Afterpay Touch

Hi all,

Being from Oz, I thought I would introduce a company that has completeley disrupted the retail finance industry in Australia.

Way back, Australians would place items they wanted to buy, but didn’t have the funds, on ‘lay-by’. A deposit would be made, and the item/good would be put aside for the customer until the item is paid off, usially over a period of 3 or 4 pay periods.

Afterpay have flipped this concept, allowing cusotmers to take the item/good immediatley, and pay after (hence the name). The merchant is charge a 4% fee on the sale, and the coustomer pays back afterpay with four, fortnightly re-payments. The customer wins, as they get what they want now (so millenial), the merchant makes a sale more quickly, and afterpay clips the ticket on the sale. The whole process is steamlined via a mobile app.

Now, the average term of the “loan” (technically and legally, it is not a loan, as no interest is charged) is 4 weeks. This means that afterpay can churn its inventory about 12 times a year - thats 4% x 12 per annum.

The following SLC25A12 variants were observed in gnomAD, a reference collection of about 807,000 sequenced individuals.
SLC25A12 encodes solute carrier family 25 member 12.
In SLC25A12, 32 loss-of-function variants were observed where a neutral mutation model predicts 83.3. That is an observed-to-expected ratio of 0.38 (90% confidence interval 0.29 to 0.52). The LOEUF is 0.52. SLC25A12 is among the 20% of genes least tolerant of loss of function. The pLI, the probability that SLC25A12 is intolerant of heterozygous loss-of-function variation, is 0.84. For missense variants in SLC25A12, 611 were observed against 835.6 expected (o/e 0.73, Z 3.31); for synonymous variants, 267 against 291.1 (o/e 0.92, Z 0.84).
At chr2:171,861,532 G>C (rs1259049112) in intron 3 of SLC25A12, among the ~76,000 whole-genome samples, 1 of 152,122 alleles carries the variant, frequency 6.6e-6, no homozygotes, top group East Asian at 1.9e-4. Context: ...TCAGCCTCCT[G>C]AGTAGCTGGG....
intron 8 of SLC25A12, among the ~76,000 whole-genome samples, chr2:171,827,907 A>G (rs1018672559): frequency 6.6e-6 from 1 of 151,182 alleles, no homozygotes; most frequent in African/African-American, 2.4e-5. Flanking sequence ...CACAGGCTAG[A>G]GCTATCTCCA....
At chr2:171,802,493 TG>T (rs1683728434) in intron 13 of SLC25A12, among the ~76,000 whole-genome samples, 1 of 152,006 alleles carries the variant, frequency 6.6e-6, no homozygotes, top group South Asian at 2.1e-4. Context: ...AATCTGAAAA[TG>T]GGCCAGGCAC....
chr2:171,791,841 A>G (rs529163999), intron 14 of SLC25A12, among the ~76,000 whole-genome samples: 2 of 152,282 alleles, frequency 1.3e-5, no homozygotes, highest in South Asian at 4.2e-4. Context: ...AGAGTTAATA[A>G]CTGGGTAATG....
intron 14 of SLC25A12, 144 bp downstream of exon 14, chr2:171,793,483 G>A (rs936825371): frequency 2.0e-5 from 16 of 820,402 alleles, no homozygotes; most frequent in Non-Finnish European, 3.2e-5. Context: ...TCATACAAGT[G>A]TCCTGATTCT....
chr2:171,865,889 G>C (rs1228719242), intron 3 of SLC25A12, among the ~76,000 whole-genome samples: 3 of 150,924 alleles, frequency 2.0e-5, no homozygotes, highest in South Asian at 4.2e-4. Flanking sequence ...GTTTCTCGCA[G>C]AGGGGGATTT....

Initially, the afterpay grew as an online payments system, but, with the mobile app, retailers on the main street merchants can utilise the service and do. In fact they must to compete, due to the network effect, as customers will shop elsewhere if they don’t offer “afterpay”.

Ok, so the business is quite young. Here are the past three year financials:

Year 2016 2017 2018
Revenue 1.4 22.9 142
Transaction margin 2.3% 2.5% 2.6%
Revenue growth 1405% 288%

Afterpay adj. operating cashflow was $35 M AUD for FY2018.

US Expansion - Commenced operations around May 2018;

May June July Mid-August
No. Retail merchants: 28 121 282 422
Underlying mercant sales: 0 11.7 20.4 TBC

A promising start in the US.

UK Expansion - Just begun.

2.5x Austalian addressible market